their psychoaffective and stimulating effects . Combined with the neurotransmitters dopamine and norepinephrine, they can create a feeling of euphoria and uncertainty, causing an insatiable desire.
PEAs are natural chemicals similar to amphetamine and dopamine. Together, they provoke the exaltation feeling among the lovers. This explains why you can feel a deep connection with chocolate.
Tryptophan: the enthusiasm molecule
Tryptophan is an essential amino acid. This means that your body can’t produce it alone; you have to get it through the diet. Tryptophan is an important component for protein construction. But it also helps to produce melatonin and serotonin; it’s their precursor .
Melatonin governs sleep and wake cycles, whereas serotonin regulates sleep, appetite, anxiety and good mood .
Thus, an increase in tryptophan concentrations in the brain results in an increase in the release of serotonin. Which means: more enthusiasm and more good energy. By this very fact, it is considered a natural antidepressant.
Magnesium: the relaxation atom
Cocoa seems to be one of the richest sources of magnesium. One hundred grams of dark chocolate 70-85% contains 228 g of magnesium, or 57% of the daily recommended value . Magnesium is a mineral that promotes cognitive functions as well as relaxation of the muscles after contraction (peristalsis, heart rate...). It also has a considerable effect on the excitability of neurons.
Magnesium deficiency, which is very common on an unbalanced diet, is a sign of problems related to muscle contractions (spasms, menstrual cramps) and stress. It’s also associated with neuropsychiatric disorders (part of the medicine that encompasses the specialties of neurology and psychiatry) . In short, a diet rich in magnesium will relax your muscles and your mood.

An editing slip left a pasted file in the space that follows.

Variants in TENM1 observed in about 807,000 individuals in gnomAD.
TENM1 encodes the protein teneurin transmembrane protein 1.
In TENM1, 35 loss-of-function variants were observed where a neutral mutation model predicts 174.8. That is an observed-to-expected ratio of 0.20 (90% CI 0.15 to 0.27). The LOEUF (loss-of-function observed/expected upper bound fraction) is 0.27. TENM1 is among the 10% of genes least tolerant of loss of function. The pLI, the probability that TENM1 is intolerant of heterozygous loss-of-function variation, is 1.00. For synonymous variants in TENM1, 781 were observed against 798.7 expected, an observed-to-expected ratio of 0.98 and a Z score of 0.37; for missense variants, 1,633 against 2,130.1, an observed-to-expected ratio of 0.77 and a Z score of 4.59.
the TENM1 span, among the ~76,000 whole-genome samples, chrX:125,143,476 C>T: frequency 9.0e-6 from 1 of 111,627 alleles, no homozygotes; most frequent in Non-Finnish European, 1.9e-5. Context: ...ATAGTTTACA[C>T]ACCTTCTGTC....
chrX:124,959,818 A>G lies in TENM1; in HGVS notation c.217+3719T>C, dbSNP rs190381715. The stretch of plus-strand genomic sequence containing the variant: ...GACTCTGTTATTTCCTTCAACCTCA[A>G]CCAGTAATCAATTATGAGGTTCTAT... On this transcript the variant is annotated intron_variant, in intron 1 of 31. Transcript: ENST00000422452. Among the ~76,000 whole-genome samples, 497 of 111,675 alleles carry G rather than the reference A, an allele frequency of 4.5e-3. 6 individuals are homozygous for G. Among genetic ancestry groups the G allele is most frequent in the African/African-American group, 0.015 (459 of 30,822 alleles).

Maximize and taste well-being
When you fall in love with chocolate... you are taken straight to cloud nine! All you have to do is add up the chemicals’ names above to understand their ultra-positive impact on your mood:
Chocolate = Well-being + bliss + love + excitement + relaxation = TOTAL HAPPINESS!
Don’t you agree? However, it’s important that your chocolate is of superior quality to enjoy these divine virtues. So enjoy it. Reward yourself. Have a blast.
If you ever feel guilty the next time you crave a chocolatey treat, re-read this list and remember how good chocolate is for you.
And during those brief moments of pleasure, abandon yourself completely. Feed your body and your soul. Close your eyes and say, "Mmmmh..."
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. Rafael Franco, Ainhoa Oñatibia-Astibia, and Eva Martínez-Pinilla. Health Benefits of Methylxanthines in Cacao and Chocolate. Nutrients. 2013 Oct; 5(10): 4159–4173.
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 Slominski A, Semak I, Pisarchik A, Sweatman T, Szczesniewski A, Wortsman J. Conversion of L-tryptophan to serotonin and melatonin in human melanoma cells. FEBS Lett. 2002 Jan 30;511(1-3):102-6.
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 MILDRED S. SEELIG, M.D., M.P.H. The American Society for Clinical Nutrition. http://ajcn.nutrition.org/content/14/6/342.abstract